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God Is Not Defined By Any Gender In Hinduism

One of the greatness of Hinduism is that God is not defined by any gender in Hindu religion. Vedic sages express the nature of God not as male or female but in an abstract manner calling it just Existence or Truth. God is not man. God is not woman. God is Truth. ‘Ekam sat viprah bahudha vadanti; the truth is one the wise call it by different names.’ (Rig Veda, 1.164.46.)

We thus find that the hymns in Vedas dedicated to female deities like Vak, Ushas, or Ratri were no less important than the ones dedicated to male deities. It is also significant that the Kena Upanishad mentions a female goddess Uma Haimavati as the one who instructs Indra about Brahman.

All these examples make it clear that in the early Vedic age both female and male deities enjoyed the same status. This attitude was facilitated by the open ended way of looking at religion, which enabled the Vedic sages to view the entire cosmos as endowed with divinity. Thus everything in the universe was imbued with the presence of the divine and the question of distinguishing the female from the male or according superiority to one over the other would not fit into the overall scheme of Vedic philosophy.

This tendency would later blossom into the concepts of Brahman and Atman in the Upanishads where the outer reality Brahman got to be identified with the inner reality in everything that exists called Atman. It is also echoed in the Ardhanarishvara concept where Shiva is viewed as half male and half female emphasizing the importance of both male and female in Nature.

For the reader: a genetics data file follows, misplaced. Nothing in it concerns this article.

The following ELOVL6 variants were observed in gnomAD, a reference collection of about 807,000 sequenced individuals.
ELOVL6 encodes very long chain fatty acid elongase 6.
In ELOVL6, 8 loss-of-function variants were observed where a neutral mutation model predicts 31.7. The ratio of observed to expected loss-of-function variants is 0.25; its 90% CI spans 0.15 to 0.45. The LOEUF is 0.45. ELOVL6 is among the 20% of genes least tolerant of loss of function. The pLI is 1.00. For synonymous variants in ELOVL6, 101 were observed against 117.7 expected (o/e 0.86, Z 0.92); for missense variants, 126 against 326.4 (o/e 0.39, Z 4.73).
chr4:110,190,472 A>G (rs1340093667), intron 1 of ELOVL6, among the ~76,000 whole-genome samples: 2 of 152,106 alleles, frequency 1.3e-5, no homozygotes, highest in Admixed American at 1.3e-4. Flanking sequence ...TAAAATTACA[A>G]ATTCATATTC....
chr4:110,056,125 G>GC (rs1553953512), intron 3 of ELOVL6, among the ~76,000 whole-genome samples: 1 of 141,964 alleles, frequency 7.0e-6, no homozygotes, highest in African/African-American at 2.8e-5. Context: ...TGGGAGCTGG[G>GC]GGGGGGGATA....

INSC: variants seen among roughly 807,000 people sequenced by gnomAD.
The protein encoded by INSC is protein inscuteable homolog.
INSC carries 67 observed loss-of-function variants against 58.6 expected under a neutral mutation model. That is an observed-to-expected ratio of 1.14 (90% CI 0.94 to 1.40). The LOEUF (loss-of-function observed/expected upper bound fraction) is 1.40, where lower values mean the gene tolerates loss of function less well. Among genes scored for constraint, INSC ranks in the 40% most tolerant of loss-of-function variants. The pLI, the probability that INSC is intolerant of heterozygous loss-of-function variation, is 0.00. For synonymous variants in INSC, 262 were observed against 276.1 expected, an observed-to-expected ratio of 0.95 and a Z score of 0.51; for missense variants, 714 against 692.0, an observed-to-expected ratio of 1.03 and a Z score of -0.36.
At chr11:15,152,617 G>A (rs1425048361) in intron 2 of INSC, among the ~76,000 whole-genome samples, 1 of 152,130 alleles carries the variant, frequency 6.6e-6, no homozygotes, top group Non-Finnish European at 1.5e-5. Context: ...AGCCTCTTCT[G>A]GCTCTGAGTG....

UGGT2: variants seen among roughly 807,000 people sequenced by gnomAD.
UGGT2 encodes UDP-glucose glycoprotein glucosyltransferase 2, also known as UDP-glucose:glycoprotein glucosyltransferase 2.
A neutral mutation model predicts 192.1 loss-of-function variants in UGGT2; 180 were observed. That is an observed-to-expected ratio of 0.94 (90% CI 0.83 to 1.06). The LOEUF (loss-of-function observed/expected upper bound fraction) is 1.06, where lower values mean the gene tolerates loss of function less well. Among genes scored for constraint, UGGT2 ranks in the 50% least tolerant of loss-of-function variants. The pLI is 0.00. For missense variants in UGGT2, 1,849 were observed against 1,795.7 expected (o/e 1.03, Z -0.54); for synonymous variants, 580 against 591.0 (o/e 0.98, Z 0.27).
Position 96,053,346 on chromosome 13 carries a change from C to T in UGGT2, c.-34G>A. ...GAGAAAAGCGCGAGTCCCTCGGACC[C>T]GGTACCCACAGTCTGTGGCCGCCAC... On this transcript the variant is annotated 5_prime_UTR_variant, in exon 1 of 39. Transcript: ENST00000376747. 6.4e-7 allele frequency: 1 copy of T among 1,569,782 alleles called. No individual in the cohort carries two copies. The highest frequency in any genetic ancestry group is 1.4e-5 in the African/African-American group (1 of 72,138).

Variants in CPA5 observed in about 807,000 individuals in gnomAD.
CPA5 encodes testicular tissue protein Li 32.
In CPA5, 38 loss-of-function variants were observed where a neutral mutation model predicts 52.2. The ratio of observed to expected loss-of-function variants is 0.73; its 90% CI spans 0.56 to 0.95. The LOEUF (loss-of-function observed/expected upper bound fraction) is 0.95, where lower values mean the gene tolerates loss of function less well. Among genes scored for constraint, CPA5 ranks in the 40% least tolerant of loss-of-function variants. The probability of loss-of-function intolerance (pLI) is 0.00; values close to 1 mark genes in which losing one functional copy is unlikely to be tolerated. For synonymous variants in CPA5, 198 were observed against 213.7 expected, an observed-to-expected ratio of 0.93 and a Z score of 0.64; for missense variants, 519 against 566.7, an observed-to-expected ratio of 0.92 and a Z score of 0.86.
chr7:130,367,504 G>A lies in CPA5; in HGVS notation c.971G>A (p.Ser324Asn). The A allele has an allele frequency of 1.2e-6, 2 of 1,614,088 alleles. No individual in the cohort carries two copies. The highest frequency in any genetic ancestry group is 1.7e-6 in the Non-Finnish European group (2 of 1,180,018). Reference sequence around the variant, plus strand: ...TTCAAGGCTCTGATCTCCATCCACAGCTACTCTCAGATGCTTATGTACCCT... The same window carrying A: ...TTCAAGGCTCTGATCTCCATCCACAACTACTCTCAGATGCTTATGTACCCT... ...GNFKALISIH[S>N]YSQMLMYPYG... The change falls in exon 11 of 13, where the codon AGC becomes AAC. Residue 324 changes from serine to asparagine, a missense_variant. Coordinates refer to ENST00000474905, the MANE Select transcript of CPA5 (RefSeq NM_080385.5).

The absence of defining the ultimate in terms of gender allowed for a freedom to conceptualise the reality in many ways without a gender bias. For instance the Shvetashvatara Upanishad describes the ultimate reality in the following manner: ‘You are the woman, you are the man, you are the boy, (and) you are the girl too. You are the old man tottering with a stick. Taking birth, you have your faces everywhere.’ It is also significant that in the Bhagavad Gita Sri Krishna declares: ‘Of this world I am the father, mother, ordainer, (and the) grandfather.’

It is later in the tantra literature and the many Puranas which are dedicated to Shakti worship that this tradition reaches its culmination. In these works Shakti is the supreme deity responsible for the manifestation, maintenance, and destruction of the universe. Moreover she is not depicted as the consort of one of the male divinities but is independent and is supreme in her own right.

Source - Excerpts from article titled 'Shakti, the Supreme:Mother Goddess in Hinduism' by T S Rukmani in Prabuddha Bharata January 2016 edition (page 89 - 90).




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